An increased sense of urgency arrives with “Calling for the Dawn” as Rantisi begins with an intricate percussion introduction, followed by a triumphant melody delivered by Malek and Sidiq. Pérez’s embroidered passages, hammering across the rumbling rhythmic bedrock, heighten the suspense, which is intermittingly interrupted by Malek’s asking, “Where are we going? Is it up or down?” “It’s a call to the divine,” Pérez explains of the composition. “It’s a warning that if we mess with nature and the environment, then we are responsible for what comes afterward.”
“Muropatía” closes the “La Muralla (Glass Walls) Suite” as the strings animate a coruscating rhythm, based upon a folkloric Panamanian dance that Pérez discovered had very striking similarities of some of Palestine’s folkloric rhythms. Pérez’s hypnotic piano accompaniment anchor the interlocking polyrhythms, concocted by the strings, vocals and percussion. After he pecks a dramatic solo, Zárate enters the fold to deliver an incisive rap in Spanish.
Pérez says that the “Frontera (Borders) Suite” was based, in part, by a series of dreams, touching upon the emotional plight of immigration. It begins with the somber “Adrift,” which tells the story of a mother seeking to reunite with her daughter after being separated for 20 years. Malek wrote the evocative lyrics and articulates them splendidly as her voice soars across the arresting arrangement.
The Global Messengers summon the universal blues again on “Al-Musafir Blues,” which deals with a Palestinian man trying to travel to the U.S. to study but gets stuck in the airport. Alatrash’s prowling cello rhythm conveys the sense of determination, while the violin and voice melody evoke the weariness that often comes with seeking better opportunities across international borders.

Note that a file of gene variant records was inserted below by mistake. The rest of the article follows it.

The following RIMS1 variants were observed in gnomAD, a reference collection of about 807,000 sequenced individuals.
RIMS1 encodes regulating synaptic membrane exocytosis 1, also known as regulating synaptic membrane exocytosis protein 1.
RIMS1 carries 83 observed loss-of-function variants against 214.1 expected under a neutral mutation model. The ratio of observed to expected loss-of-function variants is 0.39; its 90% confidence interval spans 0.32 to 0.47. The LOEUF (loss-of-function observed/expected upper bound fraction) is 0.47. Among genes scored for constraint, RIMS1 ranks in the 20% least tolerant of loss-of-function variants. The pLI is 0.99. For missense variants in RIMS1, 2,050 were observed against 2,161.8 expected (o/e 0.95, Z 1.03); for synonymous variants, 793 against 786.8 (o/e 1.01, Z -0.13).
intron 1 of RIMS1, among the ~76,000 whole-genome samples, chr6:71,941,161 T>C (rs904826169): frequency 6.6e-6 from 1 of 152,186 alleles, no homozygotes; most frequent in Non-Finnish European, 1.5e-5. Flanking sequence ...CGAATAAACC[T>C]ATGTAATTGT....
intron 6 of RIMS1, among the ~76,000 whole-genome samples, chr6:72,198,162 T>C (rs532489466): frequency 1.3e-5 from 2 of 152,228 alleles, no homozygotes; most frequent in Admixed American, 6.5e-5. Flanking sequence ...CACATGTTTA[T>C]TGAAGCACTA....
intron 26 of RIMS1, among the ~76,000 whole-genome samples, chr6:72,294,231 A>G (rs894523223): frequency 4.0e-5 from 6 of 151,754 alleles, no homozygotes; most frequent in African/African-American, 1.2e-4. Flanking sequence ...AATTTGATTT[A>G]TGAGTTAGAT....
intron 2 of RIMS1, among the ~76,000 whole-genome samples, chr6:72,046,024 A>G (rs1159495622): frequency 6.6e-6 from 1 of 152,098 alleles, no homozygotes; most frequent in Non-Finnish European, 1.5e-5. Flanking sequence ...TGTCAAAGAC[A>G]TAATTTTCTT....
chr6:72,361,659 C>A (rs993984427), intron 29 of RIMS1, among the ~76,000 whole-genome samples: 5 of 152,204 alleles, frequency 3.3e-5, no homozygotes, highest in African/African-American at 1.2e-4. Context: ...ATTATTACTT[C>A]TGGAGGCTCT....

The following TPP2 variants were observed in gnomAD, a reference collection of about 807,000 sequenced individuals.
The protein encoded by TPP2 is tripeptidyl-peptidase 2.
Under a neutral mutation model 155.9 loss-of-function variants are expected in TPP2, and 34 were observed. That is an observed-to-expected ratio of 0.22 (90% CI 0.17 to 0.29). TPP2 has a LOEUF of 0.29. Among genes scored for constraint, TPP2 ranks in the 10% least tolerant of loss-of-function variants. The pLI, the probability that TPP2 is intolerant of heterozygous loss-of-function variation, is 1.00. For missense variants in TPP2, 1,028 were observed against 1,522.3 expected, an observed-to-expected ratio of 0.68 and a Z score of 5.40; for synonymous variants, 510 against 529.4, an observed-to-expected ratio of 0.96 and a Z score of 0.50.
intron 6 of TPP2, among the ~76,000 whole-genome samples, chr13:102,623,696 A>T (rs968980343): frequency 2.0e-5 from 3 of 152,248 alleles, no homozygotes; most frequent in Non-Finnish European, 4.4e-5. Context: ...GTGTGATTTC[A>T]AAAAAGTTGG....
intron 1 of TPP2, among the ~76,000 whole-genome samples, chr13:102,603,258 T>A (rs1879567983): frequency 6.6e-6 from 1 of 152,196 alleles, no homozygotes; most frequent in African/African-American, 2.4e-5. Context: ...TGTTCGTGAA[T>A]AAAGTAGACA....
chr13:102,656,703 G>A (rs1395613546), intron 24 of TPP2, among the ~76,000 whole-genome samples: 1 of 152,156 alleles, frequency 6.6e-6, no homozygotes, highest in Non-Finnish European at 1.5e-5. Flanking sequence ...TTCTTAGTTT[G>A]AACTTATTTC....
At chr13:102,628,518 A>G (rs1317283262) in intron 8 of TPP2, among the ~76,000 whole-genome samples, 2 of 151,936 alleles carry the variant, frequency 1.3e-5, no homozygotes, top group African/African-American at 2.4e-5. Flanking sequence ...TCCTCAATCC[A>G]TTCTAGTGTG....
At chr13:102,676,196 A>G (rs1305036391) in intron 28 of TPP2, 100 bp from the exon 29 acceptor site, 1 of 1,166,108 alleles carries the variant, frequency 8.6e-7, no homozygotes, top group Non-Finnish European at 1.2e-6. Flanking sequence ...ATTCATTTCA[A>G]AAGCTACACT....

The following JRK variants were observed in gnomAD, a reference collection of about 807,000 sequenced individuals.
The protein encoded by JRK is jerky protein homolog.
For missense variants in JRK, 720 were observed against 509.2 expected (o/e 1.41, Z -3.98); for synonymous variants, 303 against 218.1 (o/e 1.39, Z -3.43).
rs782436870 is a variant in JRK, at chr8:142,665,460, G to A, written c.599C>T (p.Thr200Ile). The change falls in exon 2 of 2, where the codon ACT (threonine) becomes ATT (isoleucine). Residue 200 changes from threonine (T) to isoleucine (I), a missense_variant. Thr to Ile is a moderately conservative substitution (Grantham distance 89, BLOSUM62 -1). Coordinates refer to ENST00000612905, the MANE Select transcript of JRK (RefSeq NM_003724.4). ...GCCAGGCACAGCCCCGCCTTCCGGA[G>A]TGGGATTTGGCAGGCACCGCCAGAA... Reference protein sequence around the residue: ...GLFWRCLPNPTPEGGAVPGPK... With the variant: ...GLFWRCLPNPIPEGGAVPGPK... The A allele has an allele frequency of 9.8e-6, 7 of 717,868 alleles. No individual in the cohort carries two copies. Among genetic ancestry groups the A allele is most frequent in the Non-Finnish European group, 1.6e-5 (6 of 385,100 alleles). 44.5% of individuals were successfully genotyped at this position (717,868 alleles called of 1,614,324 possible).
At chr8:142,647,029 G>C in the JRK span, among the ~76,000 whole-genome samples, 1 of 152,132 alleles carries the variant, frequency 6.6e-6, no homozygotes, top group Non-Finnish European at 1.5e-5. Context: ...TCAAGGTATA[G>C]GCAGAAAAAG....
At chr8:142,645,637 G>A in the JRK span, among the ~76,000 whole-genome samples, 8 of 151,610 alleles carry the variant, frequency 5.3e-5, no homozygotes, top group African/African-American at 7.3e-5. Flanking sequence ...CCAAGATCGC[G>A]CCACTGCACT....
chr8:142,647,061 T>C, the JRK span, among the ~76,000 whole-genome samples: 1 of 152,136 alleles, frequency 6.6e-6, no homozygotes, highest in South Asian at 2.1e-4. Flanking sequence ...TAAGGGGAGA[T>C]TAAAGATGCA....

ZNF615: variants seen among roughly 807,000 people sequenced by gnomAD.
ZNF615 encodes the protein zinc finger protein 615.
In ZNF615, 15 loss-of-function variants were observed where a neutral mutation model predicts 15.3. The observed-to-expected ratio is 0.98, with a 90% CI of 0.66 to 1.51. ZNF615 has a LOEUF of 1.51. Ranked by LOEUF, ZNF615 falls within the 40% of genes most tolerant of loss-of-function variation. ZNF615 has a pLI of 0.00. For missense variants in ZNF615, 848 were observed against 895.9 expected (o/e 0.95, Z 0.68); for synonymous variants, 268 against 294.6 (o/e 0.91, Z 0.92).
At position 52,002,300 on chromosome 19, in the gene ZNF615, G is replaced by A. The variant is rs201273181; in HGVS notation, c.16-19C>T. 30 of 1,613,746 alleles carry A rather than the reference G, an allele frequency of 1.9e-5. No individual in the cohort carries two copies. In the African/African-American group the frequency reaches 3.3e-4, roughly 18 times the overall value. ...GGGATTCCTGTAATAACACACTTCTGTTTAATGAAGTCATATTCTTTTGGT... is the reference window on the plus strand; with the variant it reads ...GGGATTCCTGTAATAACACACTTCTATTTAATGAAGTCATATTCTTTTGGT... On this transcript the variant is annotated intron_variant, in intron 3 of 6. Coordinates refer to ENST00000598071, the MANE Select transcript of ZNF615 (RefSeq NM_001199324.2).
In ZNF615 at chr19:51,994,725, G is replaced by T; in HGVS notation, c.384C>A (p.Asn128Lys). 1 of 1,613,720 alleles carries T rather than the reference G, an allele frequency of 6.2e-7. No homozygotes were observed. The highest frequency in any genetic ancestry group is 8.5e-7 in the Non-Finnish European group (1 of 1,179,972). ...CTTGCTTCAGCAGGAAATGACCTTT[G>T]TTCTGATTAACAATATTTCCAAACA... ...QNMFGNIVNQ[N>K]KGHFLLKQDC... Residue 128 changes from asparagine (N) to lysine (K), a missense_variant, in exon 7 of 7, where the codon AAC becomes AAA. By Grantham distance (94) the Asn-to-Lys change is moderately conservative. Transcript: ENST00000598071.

“With ‘Al-Musafir Blues’ I wanted to find a connection and understanding to the blues from another perspective,” Pérez says. “We need to understand that the blues were created by African Americans – but also that its values and concepts can connect with other cultures. I’m trying to create this musical space where the blues can be the connector in which worldly sounds emerge.”
A call-to-action arrives with “Kalesma (True Calling)” on which Pérez declares that the world is in a humanitarian crisis. Beginning with a faint violin melody that gives way to a plaintive laouto melody and vocals, the soul-stirring composition unfolds gradually, concluding in a haunting rhythmic and melodic recurring motif.
The “Frontera (Borders) Suite” ends with the energetic “Unknown Destination,” a composition that begins like a casual conversation as Pérez ricochets improvisational passages with the Global Messengers’ strings and vocals, underneath Rantisi’s percolating rhythms. The composition coalesces into a dynamic collective improvisation that’s as cohesive as it is capricious.
History will reveal Crisálida as yet another one of Pérez’s crowning achievements. Now after four decades as a professional musician, some of which has been spent with the world-acclaimed Wayne Shorter Quartet and leading his own projects, Pérez has now achieved living legend status. Most recently, he won the prestigious 2021 Doris Duke Artist Award of $250,000.
When asked to assess his career at this moment, Pérez responds: “I want to continue my journey of exploring this pathway of using the power of music to unite and humanize. I want to promote music that acts as a bridge and to inspire younger artists to continue the journey and leave something positive that other generations can draw upon.”
With the Global Messengers and Crisálida, Danilo Pérez is succeeding in that mission.